Decided: March 29, 1951.
THERESA STEINHART BERG, STANLEY BERG AND MAURICE J. STRAUSS, SUCCESSOR TRUSTEES UNDER THE WILL OF JOSEPHINE GANS STEINHART, DECEASED, PLAINTIFFS,
TERESA STEINHART BERG, DAN BERG, A MINOR, AND JOSEPHINE GANS BERG, A MINOR, DEFENDANTS
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Josephine Gans Steinhart died on May 21, 1943, leaving a will dated June 16, 1942, which will was probated by the Surrogate of Atlantic County on June 4, 1943.
In and by the terms of said will the testatrix set up a trust fund and provided in paragraph designated "First, sub-paragraph B," as follows:
"Upon the death of my husband or in the event that he should predecease me then to accumulate the income until the termination of the present wars between the United States of America and Germany and between the United States of America and Japan."
Complaint has been filed in this cause requesting a construction of the above-quoted paragraph or section of the will of Josephine Gans Steinhart, in order that the trustees under said testatrix' will may be now advised whether, for the purpose of the provisions made in the will, the wars between the United States and Germany and Japan respectively may be deemed terminated.
It appears from the testimony here adduced that some time in June, 1942, prior to June 6, 1942, Maurice J. Strauss, a member of the Bar of the State of Pennsylvania, received a telephone call suggesting that he attend at the residence of Teresa Steinhart Berg, daughter of Josephine Gans Steinhart and Dr. Lewis Steinhart, for the purpose of consulting with the two latter-named persons concerning the preparation of last wills and testaments.
I find as a fact that at this conference both the present testatrix and her husband, Dr. Lewis Steinhart, were concerned about the prospect of their son-in-law, Stanley Berg, being inducted into the armed services and that the disposition which they desired to make of their estates, as evidenced by paragraph First, sub-paragraph B, was conditioned upon
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either the failure of the said Stanley Berg to be inducted into the armed services or, in the event of such an induction, to have been discharged from the armed services. As a matter of fact, subsequent events demonstrated that Stanley Berg was never inducted into the armed services of the United States. Both Dr. Steinhart and his wife, the testatrix, were desirous that the income to be received from the trust funds set up by each of them was to be accumulated until the happening of either event above referred to.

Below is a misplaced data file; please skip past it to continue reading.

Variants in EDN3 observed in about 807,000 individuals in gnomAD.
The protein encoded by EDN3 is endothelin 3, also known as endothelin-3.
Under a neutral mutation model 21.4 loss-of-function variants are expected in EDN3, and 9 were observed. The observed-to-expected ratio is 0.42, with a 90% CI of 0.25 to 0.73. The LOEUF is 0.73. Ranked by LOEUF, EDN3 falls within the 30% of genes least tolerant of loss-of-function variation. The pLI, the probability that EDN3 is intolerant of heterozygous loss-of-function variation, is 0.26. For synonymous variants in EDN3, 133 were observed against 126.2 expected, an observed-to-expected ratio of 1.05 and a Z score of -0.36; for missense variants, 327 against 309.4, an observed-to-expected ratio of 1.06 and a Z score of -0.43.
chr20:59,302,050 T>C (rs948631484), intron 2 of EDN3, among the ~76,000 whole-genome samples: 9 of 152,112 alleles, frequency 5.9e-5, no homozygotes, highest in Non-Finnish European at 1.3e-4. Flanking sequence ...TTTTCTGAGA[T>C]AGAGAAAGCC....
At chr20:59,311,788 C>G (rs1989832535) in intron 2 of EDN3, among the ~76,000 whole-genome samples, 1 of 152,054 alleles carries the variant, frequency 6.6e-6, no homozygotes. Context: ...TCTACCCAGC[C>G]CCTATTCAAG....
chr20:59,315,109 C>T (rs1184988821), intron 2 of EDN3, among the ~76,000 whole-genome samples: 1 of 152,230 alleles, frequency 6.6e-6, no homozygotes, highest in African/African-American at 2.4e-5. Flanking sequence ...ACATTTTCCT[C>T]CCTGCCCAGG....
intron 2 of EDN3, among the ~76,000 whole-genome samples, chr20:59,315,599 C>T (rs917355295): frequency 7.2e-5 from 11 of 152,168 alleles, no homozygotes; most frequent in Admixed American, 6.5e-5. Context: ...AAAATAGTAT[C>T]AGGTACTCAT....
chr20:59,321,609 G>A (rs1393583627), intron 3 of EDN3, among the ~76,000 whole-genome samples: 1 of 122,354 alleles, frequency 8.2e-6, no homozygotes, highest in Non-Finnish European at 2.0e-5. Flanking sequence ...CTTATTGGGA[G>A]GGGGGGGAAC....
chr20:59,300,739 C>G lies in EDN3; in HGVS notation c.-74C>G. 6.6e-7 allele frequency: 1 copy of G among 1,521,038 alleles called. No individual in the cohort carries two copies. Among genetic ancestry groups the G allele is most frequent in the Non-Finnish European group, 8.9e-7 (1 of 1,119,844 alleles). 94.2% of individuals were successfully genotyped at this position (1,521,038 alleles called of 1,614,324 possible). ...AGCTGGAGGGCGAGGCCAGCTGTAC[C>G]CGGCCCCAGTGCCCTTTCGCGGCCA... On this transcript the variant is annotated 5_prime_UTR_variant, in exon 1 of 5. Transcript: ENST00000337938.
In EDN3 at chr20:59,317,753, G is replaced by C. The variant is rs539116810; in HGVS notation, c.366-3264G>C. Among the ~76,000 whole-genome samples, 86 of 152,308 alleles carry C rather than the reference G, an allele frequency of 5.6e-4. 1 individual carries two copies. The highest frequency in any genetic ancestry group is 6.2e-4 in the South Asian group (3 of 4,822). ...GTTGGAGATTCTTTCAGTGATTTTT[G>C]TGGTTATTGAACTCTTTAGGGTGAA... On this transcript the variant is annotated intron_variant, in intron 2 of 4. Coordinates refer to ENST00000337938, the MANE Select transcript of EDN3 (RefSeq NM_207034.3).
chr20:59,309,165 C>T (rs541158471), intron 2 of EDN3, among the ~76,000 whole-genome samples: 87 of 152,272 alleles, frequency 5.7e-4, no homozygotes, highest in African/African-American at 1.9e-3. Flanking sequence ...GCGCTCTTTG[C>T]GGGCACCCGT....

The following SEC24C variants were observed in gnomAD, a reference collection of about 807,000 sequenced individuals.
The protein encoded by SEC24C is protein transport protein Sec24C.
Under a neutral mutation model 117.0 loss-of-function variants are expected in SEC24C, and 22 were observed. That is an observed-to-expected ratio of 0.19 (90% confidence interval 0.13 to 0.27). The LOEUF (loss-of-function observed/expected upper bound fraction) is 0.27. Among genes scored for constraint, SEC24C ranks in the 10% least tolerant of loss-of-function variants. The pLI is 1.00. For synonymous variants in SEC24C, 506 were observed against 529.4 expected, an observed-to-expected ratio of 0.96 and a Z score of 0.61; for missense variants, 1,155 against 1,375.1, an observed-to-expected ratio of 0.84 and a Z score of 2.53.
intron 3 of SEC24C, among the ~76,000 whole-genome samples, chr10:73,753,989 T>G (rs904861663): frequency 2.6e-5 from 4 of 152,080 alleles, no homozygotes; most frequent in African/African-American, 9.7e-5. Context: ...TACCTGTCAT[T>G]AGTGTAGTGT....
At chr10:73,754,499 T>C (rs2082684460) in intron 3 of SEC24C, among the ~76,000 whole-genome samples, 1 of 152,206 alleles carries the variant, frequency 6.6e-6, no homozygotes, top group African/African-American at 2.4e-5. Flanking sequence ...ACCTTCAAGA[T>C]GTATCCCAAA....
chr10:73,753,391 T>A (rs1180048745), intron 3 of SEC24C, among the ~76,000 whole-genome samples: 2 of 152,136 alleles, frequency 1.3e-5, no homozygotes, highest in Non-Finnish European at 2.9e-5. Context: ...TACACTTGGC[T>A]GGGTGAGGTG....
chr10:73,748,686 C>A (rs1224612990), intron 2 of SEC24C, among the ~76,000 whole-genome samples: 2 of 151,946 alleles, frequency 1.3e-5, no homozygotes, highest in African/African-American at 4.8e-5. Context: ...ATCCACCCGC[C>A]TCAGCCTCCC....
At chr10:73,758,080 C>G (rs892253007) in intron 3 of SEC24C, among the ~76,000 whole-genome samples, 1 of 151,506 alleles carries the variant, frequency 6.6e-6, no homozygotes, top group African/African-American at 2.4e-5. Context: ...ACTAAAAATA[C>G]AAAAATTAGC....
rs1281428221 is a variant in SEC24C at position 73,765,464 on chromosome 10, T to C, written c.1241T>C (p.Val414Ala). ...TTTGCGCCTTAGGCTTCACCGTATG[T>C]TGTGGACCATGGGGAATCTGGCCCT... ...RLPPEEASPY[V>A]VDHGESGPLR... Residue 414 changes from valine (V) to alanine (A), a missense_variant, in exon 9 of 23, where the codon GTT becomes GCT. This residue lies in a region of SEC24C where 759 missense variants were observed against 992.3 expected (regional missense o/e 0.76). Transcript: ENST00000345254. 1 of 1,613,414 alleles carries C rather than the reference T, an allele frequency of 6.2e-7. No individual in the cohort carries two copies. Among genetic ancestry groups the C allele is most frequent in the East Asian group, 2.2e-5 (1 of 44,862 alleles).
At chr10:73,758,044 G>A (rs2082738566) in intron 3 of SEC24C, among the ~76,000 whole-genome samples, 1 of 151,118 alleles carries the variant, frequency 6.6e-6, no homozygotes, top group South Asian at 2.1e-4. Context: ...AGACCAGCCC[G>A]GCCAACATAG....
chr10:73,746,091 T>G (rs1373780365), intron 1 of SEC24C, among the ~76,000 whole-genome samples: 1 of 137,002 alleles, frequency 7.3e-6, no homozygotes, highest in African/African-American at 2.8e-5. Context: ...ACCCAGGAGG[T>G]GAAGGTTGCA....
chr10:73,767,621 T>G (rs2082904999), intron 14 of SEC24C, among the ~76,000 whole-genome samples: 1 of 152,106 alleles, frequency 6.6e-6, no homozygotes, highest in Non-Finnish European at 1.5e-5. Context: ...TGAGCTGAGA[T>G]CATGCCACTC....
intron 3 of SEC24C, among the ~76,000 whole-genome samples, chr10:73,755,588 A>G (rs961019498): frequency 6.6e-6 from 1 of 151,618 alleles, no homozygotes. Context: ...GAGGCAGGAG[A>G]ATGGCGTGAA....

Maurice J. Strauss testified that having in mind the directions of both the testatrix and her husband, he prepared identical mutual wills, using the phraseology which the court is now called upon to interpret, to express their respective intentions. He also testified that some time in 1947 the said Dr. Steinhart, then conceiving that what he considered a termination of the wars with Germany and Japan having occurred, he redrafted his will, leaving out of the same the provision with with we are now confronted.
I am satisfied that the testatrix did not, by the phraseology used, intend that there should be either a diplomatic peace or a treaty between the United States and Germany and Japan. I conceive that the words were used in this will in their usual and popular meaning and that there is nothing in the context of the will that requires a narrow or technical meaning to be accorded to them. The apparent purpose of the testatrix was to make provision that the income should be accumulated until such time as there was either no danger of her son-in-law being inducted into the armed services or, having been inducted, that he should have been discharged from the armed services. The words were used in their common and normal acceptance, and although we do not now have a diplomatic formal peace with either of the two above-referred to nations, to all intents and purposes, and in the common parlance, the war with Germany and Japan has been terminated.
I find that the testatrix did not intend that the income should be accumulated until a formal treaty of peace was signed with Germany and Japan, but that she did intend that
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this accumulation should continue until the actual hostilities and actual fighting with these respective nations ceased, and then until her son-in-law, if he had been inducted, were discharged from the service.
Although the facts here present are somewhat different from those presented in Schaffer v. Oldak , 12 N.J. Super. 80, 78 A. 2 d 842 (Ch. 1951), the reasoning which the judge there employed and the conclusions at which he arrived are as well applicable to the case before me.
It is therefore here held that insofar as the will of Josephine Gans Steinhart is concerned, the present wars between the United States of America and Germany and between the United States of America and Japan, have terminated.
Judgment will be entered accordingly.